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Public Option will lead to a Single Payer System

Excerpts from:  Robert Reich on Public Option

By: John R. Graham 6.26.2009 President Obama and Secretary Kathleen Sebelius, whose biographies indicate zero experience in the private, wealth-producing sector of society, believe that they can launch a new "public" health plan to "compete" against the private sector. They claim that this will keep private insurers "honest." It's an interesting position for a President who also claims that he is not interested in running a car company. Imagine if he proposed a new Government Motors, in order to keep Toyota and Honda honest! What's so unique about health insurance, that it needs government "competition," an idea repellent in other areas of American life?

Robert Reich, Bill Clinton's Labor Secretary, has the answer in today's Wall Street Journal. According to Mr. Reich, a "public option" (actually a swamp of new government bureaucracies, ready from "day one" for perpetual taxpayer bailouts), would "squeeze" the profits of private health providers.  It is dead easy for government to "squeeze" profits.  But that is not a valid goal of health reform. 

A valid goal is to squeeze the profits of providers who fail to satisfy patients' needs, and allow those who do to earn increased profits.  Patients are capable of doing this, but government is not. Mr. Reich claims that the government would have economies of scale larger than private insurers.   No doubt it does, but it also has massive diseconomies of scale that far outstrip its advantages.   That's why we would never let the government set up a "public option" for groceries, housing, or clothing: We all know that it would fail to provide quality or choice.   However, its failure would not lead to extinction but perpetual taxpayer bailouts. Mr. Reich repeats the fallacy that Medicare's administrative costs are lower than private plans.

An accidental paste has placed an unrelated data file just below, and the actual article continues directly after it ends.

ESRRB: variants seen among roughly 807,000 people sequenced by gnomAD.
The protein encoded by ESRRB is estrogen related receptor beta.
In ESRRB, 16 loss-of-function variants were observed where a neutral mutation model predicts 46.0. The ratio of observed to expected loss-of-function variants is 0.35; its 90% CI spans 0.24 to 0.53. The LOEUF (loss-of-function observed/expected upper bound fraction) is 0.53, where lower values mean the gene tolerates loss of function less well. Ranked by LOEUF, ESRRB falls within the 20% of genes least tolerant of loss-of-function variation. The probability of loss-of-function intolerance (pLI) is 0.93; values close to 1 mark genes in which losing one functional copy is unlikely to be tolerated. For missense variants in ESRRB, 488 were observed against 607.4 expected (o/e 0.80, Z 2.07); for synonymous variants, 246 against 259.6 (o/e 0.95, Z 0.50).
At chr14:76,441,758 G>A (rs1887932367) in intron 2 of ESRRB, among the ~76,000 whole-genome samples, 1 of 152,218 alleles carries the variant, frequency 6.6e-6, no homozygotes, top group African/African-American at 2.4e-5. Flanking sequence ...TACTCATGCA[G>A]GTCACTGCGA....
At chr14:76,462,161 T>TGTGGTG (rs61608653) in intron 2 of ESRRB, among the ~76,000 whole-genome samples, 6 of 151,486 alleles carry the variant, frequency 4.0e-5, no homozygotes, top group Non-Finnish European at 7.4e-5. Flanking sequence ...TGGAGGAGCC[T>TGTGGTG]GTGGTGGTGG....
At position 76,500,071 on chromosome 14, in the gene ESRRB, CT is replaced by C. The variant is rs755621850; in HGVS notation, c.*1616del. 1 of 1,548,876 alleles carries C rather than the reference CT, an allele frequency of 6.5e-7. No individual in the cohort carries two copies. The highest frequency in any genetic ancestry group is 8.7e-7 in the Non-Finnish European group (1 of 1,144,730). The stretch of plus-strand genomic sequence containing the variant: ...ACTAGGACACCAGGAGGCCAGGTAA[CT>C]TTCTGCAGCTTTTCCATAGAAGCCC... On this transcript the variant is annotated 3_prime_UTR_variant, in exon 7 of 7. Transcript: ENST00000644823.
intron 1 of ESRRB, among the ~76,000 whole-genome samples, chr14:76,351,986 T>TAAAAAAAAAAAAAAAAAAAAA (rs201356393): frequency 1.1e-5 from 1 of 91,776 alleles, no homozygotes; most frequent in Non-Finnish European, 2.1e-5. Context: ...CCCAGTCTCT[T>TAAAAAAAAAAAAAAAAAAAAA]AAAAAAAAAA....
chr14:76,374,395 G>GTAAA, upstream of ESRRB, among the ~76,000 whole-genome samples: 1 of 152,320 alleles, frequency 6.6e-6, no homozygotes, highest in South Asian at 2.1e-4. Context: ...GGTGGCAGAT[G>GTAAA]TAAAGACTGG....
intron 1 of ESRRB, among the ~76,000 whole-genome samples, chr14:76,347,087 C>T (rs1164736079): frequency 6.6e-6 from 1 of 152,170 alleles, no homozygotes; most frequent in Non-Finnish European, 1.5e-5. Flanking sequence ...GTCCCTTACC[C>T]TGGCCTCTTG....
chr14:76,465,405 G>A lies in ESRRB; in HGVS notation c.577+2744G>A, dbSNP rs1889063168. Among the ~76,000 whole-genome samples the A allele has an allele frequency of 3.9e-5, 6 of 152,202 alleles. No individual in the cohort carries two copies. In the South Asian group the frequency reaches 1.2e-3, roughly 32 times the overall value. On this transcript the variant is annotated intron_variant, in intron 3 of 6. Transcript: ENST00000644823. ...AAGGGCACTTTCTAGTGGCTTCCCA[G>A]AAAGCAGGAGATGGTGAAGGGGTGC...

This argument refuses to die despite the fact that it is preposterous: In a 2007 study, Benjamin Zycher of the Manhattan Institute showed that the oft-cited 3 percent figure refers only to administrative costs reported directly in the Medicare budgetIncluding federal administrative functions performed by other agencies, raises the figure to 6 percent. Zycher also includes the hidden economic costs of the federal tax system, which raises the administrative cost of Medicare to a minimum of 25 percent of Medicare outlays. That is about double the 11 percent to 14 percent administrative cost of private health insurance.

Linda Gorman points out that if the government really wanted to allow the private sector to compete with government bureaucracies, they'd allow beneficiaries of Medicaid, Medicare, SCHIP, and other government programs to take those dollars as vouchers and spend them as they saw fit. Nevertheless, Mr. Reich has a point: Americans lack true choice of health insurance.  Senator Charles Schumer believes that "one or two private insurers have a stranglehold on the entire market." Actually, it's worse than that: In the employer-based system, most workers have no choice of plans

If we reformed the tax code to give families who purchase their own insurance the same tax relief as employees, they'd have a lot more options.